WINDOW ROCK, Ariz. — On April 5, Navajo Nation First Lady Phefelia Nez and Second Lady Dottie Lizer joined Navajo Nation President Jonathan Nez and advocacy groups in proclaiming the month of April as “Sexual Assault and Sexual Harassment Awareness Month.”
The proclamation, signed at the Office of the President and Vice President, recognizes the devastating impact that sexual assault and sexual harassment has on Navajo people and recognizes that the crimes of rape, sexual assault, and sexual harassment cause undeniable and ongoing harm to Diné families and communities.
“Sexual assault and harassment impact far too many of our Native women. It’s important that we support one another, especially when an accusation is made – it’s critical that we address and investigate those situations to their fullest extent,” First Lady Nez said.
The proclamation also directs divisions, departments, and programs under the Executive Branch to implement sexual harassment training for Navajo Nation employees, to ensure that workers are knowledgeable and aware of what constitutes inappropriate behavior in the workplace.
“It’s a very serious problem when one in two Native American women have experienced sexual violence. We need to begin paying more attention to these issues and let it be known that we are not going to stand for any type of violence against our Navajo women. We need to stand together and let our voices be heard,” Second Lady Lizer stated.
“Sexual assaults threaten every community across the country, including the Navajo Nation, and each of us plays a role in protecting those we love, including our grandparents, parents, spouses, daughters, and sons. During this month, we must commit ourselves to end sexual violence and to support all survivors. When we are actively involved, we can prevent sexual violence across the Navajo Nation. The first step is increasing education and awareness. Together, we can begin the healing process and restore Hozhó and balance. It’s time for all of us to take action to create a safer environment for all,” said President Nez.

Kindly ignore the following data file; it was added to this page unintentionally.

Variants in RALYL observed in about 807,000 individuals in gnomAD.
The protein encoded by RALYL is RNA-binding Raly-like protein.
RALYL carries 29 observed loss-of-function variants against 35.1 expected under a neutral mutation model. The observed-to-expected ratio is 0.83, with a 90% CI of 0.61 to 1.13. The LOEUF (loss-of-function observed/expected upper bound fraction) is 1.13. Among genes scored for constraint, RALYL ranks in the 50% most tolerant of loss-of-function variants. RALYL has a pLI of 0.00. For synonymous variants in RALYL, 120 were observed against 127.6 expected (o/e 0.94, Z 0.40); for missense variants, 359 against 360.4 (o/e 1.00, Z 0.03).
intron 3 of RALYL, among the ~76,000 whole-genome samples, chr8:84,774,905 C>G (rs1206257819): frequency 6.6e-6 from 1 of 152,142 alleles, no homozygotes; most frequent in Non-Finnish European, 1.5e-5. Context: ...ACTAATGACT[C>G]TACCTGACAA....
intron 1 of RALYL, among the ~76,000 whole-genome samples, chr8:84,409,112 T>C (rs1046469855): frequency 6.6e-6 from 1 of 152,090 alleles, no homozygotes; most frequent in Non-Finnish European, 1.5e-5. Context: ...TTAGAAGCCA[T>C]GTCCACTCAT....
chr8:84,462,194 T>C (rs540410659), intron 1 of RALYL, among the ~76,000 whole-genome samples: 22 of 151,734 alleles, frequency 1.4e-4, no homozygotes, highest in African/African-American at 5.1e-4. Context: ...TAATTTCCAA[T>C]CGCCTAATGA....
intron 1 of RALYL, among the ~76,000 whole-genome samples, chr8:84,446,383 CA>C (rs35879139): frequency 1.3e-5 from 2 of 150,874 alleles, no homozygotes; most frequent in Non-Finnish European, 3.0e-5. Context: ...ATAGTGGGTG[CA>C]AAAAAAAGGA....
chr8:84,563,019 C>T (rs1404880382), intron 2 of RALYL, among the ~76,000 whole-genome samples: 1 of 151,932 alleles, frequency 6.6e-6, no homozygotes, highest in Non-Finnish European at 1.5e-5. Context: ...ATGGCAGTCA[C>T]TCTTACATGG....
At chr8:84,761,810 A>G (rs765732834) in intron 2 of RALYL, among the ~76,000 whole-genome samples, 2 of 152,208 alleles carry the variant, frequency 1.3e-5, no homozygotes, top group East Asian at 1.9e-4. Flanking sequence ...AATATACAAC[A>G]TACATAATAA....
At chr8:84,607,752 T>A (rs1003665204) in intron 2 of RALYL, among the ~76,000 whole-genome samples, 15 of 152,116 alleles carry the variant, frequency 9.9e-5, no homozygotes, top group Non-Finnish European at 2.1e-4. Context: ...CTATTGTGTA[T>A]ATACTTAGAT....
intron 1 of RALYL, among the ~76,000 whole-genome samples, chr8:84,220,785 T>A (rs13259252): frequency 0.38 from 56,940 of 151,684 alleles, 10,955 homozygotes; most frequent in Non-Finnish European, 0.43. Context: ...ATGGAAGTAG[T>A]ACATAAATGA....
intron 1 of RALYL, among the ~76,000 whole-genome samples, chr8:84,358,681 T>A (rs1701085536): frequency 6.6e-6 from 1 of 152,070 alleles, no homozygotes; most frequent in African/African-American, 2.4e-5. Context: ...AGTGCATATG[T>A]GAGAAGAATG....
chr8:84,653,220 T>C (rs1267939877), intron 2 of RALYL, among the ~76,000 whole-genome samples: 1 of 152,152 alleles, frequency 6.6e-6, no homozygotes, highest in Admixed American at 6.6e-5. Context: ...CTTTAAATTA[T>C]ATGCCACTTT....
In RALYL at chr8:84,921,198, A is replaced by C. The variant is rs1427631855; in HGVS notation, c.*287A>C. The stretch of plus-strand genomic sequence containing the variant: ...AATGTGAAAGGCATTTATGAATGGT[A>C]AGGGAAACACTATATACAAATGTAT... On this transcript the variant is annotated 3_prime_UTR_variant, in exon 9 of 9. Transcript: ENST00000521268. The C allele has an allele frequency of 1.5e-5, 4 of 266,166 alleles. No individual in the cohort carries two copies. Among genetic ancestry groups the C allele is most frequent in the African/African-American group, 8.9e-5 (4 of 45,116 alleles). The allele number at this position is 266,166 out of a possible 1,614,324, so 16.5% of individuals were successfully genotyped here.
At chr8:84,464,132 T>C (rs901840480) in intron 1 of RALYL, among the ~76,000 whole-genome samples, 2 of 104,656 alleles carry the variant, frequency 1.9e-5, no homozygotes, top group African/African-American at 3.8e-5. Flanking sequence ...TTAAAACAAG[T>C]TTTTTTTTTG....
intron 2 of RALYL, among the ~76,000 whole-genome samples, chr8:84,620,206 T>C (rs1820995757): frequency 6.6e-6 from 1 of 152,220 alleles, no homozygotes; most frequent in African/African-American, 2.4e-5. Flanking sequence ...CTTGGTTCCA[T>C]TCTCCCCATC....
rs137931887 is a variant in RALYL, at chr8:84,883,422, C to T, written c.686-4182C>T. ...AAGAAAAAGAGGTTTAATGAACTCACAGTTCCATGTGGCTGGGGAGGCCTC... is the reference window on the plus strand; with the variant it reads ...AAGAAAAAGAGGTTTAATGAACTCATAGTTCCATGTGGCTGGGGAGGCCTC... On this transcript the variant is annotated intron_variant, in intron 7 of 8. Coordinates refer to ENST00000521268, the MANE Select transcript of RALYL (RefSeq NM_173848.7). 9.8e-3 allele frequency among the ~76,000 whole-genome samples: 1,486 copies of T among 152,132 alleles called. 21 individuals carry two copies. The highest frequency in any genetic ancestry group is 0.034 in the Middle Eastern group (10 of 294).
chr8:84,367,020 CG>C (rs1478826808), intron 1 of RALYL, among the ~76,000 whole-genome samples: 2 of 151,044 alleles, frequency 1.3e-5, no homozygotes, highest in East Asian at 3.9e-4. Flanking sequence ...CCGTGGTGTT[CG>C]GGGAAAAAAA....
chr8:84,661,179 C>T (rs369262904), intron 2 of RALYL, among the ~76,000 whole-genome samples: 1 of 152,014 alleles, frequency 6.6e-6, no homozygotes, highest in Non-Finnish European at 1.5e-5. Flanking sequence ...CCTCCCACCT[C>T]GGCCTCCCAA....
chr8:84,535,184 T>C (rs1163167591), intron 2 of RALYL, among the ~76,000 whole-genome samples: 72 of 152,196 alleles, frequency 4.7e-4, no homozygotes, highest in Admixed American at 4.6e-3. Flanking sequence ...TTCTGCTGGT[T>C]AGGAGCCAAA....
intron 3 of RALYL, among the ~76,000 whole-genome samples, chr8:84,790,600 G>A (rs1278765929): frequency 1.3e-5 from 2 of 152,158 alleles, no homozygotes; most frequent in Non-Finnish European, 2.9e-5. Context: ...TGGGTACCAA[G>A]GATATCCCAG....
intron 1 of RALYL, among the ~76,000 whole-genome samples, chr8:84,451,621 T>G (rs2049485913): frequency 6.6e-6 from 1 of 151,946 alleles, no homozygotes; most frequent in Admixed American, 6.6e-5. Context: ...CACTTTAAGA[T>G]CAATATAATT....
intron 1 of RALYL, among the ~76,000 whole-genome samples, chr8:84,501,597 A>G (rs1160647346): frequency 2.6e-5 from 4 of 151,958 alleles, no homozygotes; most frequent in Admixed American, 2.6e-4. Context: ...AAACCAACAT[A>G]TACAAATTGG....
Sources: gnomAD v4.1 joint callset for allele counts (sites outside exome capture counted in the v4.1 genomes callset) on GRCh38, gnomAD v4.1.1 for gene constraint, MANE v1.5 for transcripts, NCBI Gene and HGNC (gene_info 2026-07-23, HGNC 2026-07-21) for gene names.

The proclamation also recognizes that these problems also affect Navajo women, children and the LGBTQ community at high rates.
“Sexual Assault and Sexual Harassment Awareness Month calls attention to the fact that sexual violence is widespread and impacts every person in the community. It harms our communities and kinship; therefore, prevention must be a priority to confront the devastating statistics,” said Vice President Lizer.
Council Delegates Amber Kanazbah Crotty and Charlaine Tso of the 24th Navajo Nation Council also attended the signing ceremony and voiced their support for the proclamation and for bringing an end to sexual assaults and harassment on the Navajo Nation. Crotty has remained a strong advocate for many issues including sexual assault prevention and continues to advocate for more resources for survivors of these offenses.
During the ceremony, Nez announced that the Nez-Lizer Administration has selected Deannah Neswood-Gishey to serve as the Executive Director of the Navajo Nation Division of Social Services. She currently serves as the Program Manager for the Department of Self Reliance under the division and previously served as the director of Tribal Social Services with the Gila River Indian Community. Neswood-Gishey is a veteran of the U.S. Army and Arizona National Guard and was honorably discharged from both branches of military.
Nez said her appointment is a prime example of a Navajo Nation employee who worked hard and worked her way up in the Division of Social Services. She began working with the division as a social worker in 1993. Her appointment will be subject to confirmation by the Navajo Nation Council.
In addition, the Office of the President and Vice President is seeking candidates to serve on the Navajo Nation Women’s Commission. More information about the position is available at (928) 871-7000.
Information provided by Navajo Nation Office of the President and Vice President